Reuters on Monday examined an "AIDS village" in China's Henan province, where approximately 900 of the village's 3,800 people are HIV-positive. More than 30% of the people living with HIV in the village of Shuang Miao contracted HIV through a government-sponsored blood collection program (Liu, Reuters, 3/15). In the early 1990s, hundreds of thousands of poor Chinese farmers contracted HIV through the program, which paid them for their blood and sold it at state hospitals and private clinics. Chinese officials have been reluctant to openly discuss HIV/AIDS because they fear being blamed for the epidemic and fear the response from foreign investors (Kaiser Daily HIV/AIDS Report, 2/19). More than 1,200 people in Shuang Miao "regularly" sold their blood for $5 per visit, according to Zhu Jingzhong, an HIV-positive farmer who became an "informal" HIV/AIDS advocate in 2000. He added, "It was like an atomic bomb went off. Villagers started dying at the same time. Some committed suicide when they found out [their HIV status.]" Chinese government officials have said that they will begin providing antiretroviral drugs to HIV-positive people in villages similar to Shuang Miao throughout the country, but villagers have said that "real benefits have yet to trickle down to them," Reuters reports.
Chinese Premier Wen Jiabao said that the country's public health system needs to be strengthened to address the HIV/AIDS epidemic, according to Reuters. He added, "We need to maintain a high degree of vigilance and take firm and effective measures to control [severe acute respiratory syndrome], AIDS" and other diseases. Speaking at the launch of CDC's Global AIDS Program in Beijing, Qi Xiaoqiu, director general of the Chinese Health Ministry's Department of Disease Control, said, "We do plan to procure foreign-made [anti]retrovirals, but that will take some time" (Reuters, 3/15). CDC earlier this month launched a five-year, $15 million campaign to fight HIV/AIDS in 10 provinces in China. Under the new China program, the U.S. CDC office in China and China's Center for Disease Control and Prevention will work together on HIV prevention, treatment and support programs. The grants will be used for programs in Anhui, Guizhou, Xinjiang, Heilongjiang, Inner Mongolia, Tibet, Guangdong, Shanghai, Beijing and Henan provinces. The Chinese government estimates that there are 840,000 HIV-positive people in the country and that 80,000 people have AIDS; however, some experts believe that those figures are an underestimate. The United Nations estimates that there are at least one million HIV-positive people in China, and the number could grow to 20 million people by 2010 (Kaiser Daily HIV/AIDS Report, 3/2).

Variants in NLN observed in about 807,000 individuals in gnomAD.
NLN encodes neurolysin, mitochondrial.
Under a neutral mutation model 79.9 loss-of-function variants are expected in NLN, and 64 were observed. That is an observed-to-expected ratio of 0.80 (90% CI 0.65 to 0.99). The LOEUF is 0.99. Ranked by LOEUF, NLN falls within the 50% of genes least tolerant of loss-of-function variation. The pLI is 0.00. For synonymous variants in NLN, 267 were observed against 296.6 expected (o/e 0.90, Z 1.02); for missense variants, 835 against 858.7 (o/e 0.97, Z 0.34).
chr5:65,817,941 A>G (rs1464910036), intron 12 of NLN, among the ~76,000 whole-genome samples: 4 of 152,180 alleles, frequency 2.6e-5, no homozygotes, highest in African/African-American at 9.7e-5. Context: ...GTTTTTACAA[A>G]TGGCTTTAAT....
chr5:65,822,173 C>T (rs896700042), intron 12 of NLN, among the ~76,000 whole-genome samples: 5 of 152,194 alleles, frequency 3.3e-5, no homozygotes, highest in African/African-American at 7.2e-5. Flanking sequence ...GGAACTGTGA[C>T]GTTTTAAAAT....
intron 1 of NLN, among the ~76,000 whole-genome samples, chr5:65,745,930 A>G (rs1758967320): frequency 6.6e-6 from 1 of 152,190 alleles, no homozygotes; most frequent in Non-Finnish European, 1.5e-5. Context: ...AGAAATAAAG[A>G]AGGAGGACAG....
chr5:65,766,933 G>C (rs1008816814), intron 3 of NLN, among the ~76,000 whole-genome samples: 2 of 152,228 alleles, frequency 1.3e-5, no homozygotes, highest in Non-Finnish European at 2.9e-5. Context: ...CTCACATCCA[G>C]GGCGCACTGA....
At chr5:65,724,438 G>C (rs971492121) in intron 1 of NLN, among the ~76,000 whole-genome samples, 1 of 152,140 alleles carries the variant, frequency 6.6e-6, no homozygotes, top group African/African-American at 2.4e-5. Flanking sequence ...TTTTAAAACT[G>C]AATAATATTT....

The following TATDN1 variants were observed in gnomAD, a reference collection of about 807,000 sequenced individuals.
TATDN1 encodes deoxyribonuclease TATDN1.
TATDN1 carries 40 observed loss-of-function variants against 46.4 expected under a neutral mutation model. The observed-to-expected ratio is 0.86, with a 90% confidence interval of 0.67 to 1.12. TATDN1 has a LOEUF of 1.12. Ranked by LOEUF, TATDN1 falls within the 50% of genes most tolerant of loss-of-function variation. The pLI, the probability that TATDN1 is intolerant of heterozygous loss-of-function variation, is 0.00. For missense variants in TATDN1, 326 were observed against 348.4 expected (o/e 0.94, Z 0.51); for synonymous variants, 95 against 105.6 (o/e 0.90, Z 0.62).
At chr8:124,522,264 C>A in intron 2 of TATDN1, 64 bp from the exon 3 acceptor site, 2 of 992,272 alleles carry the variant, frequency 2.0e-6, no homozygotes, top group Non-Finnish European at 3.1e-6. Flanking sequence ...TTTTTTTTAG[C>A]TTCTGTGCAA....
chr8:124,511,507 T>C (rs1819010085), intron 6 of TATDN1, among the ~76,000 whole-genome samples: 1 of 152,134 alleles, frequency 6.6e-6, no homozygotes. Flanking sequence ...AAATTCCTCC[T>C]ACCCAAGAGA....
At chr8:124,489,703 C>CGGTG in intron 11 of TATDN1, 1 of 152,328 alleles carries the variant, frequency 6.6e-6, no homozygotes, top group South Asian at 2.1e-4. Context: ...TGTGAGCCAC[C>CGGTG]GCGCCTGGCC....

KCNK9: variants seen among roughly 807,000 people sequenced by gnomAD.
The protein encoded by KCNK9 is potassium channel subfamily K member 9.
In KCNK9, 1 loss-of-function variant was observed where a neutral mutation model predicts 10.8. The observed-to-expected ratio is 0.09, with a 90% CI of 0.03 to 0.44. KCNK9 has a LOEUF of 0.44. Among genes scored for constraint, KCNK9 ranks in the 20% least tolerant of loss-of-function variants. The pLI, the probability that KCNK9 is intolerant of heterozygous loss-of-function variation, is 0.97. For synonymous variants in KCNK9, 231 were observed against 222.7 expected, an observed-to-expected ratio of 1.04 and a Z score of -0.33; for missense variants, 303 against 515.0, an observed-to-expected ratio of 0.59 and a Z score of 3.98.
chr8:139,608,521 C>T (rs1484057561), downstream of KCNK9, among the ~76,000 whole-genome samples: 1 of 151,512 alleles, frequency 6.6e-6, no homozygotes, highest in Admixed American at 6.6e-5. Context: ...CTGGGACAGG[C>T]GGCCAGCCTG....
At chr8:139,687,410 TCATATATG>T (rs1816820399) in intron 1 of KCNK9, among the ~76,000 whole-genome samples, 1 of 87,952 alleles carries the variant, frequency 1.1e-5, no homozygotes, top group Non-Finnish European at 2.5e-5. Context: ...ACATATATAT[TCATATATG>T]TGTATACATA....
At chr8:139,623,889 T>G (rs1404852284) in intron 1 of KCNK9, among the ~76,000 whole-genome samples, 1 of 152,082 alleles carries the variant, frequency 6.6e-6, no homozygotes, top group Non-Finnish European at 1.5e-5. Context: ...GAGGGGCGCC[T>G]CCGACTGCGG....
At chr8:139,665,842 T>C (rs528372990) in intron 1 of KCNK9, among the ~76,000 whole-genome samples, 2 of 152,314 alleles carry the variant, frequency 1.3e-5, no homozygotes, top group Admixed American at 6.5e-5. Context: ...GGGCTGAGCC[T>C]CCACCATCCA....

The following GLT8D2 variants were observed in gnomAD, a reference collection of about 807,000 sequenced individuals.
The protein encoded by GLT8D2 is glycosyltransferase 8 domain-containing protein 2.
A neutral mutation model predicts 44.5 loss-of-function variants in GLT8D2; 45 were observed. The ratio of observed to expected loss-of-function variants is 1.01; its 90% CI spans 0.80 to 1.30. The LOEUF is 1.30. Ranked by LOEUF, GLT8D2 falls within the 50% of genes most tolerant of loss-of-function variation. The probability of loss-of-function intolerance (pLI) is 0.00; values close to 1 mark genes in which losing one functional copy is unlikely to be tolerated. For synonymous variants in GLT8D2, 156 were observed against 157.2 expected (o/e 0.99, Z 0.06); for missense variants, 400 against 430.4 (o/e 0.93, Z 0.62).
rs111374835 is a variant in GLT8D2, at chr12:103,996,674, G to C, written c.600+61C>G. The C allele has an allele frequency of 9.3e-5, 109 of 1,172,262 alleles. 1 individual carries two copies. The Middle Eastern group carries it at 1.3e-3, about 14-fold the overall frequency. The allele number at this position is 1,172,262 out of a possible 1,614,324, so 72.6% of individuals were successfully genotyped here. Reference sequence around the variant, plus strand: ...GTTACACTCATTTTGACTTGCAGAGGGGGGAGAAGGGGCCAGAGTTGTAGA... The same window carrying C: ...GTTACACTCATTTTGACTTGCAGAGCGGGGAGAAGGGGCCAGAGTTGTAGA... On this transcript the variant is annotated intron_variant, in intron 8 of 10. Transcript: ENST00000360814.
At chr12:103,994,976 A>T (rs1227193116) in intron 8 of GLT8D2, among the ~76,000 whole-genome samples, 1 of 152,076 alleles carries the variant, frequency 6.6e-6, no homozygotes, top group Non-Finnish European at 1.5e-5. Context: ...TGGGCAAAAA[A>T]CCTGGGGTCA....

Reprinted with permission from kaisernetwork.org. You can view the entire Kaiser Daily HIV/AIDS Report, search the archives, or sign up for email delivery at www.kaisernetwork.org/dailyreports/hiv. The Kaiser Daily HIV/AIDS Report is published for kaisernetwork.org, a free service of the Kaiser Family Foundation, by The Advisory Board Company. © 2004 by The Advisory Board Company and Kaiser Family Foundation. All rights reserved.